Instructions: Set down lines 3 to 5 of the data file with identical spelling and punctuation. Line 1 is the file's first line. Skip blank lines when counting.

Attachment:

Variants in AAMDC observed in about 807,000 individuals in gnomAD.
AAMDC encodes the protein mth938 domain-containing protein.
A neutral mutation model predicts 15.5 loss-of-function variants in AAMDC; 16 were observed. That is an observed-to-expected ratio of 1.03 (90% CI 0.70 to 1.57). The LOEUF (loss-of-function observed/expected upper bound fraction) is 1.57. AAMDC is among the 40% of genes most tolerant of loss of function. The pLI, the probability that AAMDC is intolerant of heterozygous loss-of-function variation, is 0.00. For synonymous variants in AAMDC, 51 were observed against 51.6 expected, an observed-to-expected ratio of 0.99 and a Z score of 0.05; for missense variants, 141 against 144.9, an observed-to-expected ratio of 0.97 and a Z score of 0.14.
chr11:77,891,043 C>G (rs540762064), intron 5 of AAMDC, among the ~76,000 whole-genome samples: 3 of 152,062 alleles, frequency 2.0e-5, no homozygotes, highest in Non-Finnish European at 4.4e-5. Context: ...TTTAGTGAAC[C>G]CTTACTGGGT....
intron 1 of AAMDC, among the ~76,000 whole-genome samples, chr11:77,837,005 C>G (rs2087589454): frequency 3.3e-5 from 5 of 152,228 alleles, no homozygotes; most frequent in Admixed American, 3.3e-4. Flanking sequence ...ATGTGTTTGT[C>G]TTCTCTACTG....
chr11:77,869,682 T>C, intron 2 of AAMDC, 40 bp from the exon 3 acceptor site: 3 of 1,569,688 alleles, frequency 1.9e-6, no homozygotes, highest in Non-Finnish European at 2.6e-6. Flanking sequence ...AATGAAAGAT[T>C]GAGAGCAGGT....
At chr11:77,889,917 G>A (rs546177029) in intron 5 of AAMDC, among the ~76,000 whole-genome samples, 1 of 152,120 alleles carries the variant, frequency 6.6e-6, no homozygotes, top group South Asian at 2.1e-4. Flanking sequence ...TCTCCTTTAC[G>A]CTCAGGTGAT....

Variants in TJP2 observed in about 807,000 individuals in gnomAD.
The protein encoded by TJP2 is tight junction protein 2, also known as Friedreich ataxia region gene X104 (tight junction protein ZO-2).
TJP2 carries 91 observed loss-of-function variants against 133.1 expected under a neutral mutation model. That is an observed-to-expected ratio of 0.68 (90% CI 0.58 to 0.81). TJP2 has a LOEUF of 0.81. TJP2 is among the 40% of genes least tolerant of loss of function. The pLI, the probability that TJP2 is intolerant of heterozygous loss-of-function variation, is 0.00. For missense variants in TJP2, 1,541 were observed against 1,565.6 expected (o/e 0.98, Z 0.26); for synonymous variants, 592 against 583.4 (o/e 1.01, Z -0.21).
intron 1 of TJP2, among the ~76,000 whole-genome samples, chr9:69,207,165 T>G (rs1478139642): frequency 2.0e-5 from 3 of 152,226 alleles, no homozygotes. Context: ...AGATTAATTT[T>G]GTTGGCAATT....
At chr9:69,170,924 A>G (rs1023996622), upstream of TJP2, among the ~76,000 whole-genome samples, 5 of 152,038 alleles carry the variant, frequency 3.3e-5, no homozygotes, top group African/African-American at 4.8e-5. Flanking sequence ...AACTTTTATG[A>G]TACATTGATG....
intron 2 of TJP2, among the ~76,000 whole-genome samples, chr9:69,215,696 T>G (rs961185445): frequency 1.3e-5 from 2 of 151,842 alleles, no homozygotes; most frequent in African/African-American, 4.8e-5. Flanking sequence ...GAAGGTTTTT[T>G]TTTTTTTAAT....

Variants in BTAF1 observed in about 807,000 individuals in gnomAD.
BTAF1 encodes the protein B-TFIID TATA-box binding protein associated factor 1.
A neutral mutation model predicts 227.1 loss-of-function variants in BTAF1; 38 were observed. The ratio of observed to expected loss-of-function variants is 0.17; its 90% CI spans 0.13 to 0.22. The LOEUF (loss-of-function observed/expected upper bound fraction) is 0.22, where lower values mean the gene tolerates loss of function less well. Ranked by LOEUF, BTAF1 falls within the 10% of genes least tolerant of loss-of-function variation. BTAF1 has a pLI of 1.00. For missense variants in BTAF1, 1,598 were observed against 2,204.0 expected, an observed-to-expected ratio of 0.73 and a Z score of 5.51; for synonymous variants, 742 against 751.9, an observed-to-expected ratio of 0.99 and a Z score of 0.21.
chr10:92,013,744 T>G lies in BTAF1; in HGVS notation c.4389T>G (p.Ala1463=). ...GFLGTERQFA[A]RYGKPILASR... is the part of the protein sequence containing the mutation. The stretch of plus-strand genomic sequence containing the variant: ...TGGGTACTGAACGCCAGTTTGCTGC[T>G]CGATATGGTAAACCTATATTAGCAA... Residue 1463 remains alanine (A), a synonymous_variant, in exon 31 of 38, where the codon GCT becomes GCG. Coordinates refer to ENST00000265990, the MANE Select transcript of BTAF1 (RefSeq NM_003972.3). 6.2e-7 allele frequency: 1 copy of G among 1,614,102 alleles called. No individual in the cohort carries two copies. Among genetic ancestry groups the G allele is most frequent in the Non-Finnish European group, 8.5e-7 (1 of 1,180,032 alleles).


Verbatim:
A neutral mutation model predicts 15.5 loss-of-function variants in AAMDC; 16 were observed. That is an observed-to-expected ratio of 1.03 (90% CI 0.70 to 1.57). The LOEUF (loss-of-function observed/expected upper bound fraction) is 1.57. AAMDC is among the 40% of genes most tolerant of loss of function. The pLI, the probability that AAMDC is intolerant of heterozygous loss-of-function variation, is 0.00. For synonymous variants in AAMDC, 51 were observed against 51.6 expected, an observed-to-expected ratio of 0.99 and a Z score of 0.05; for missense variants, 141 against 144.9, an observed-to-expected ratio of 0.97 and a Z score of 0.14.
chr11:77,891,043 C>G (rs540762064), intron 5 of AAMDC, among the ~76,000 whole-genome samples: 3 of 152,062 alleles, frequency 2.0e-5, no homozygotes, highest in Non-Finnish European at 4.4e-5. Context: ...TTTAGTGAAC[C>G]CTTACTGGGT....
intron 1 of AAMDC, among the ~76,000 whole-genome samples, chr11:77,837,005 C>G (rs2087589454): frequency 3.3e-5 from 5 of 152,228 alleles, no homozygotes; most frequent in Admixed American, 3.3e-4. Flanking sequence ...ATGTGTTTGT[C>G]TTCTCTACTG....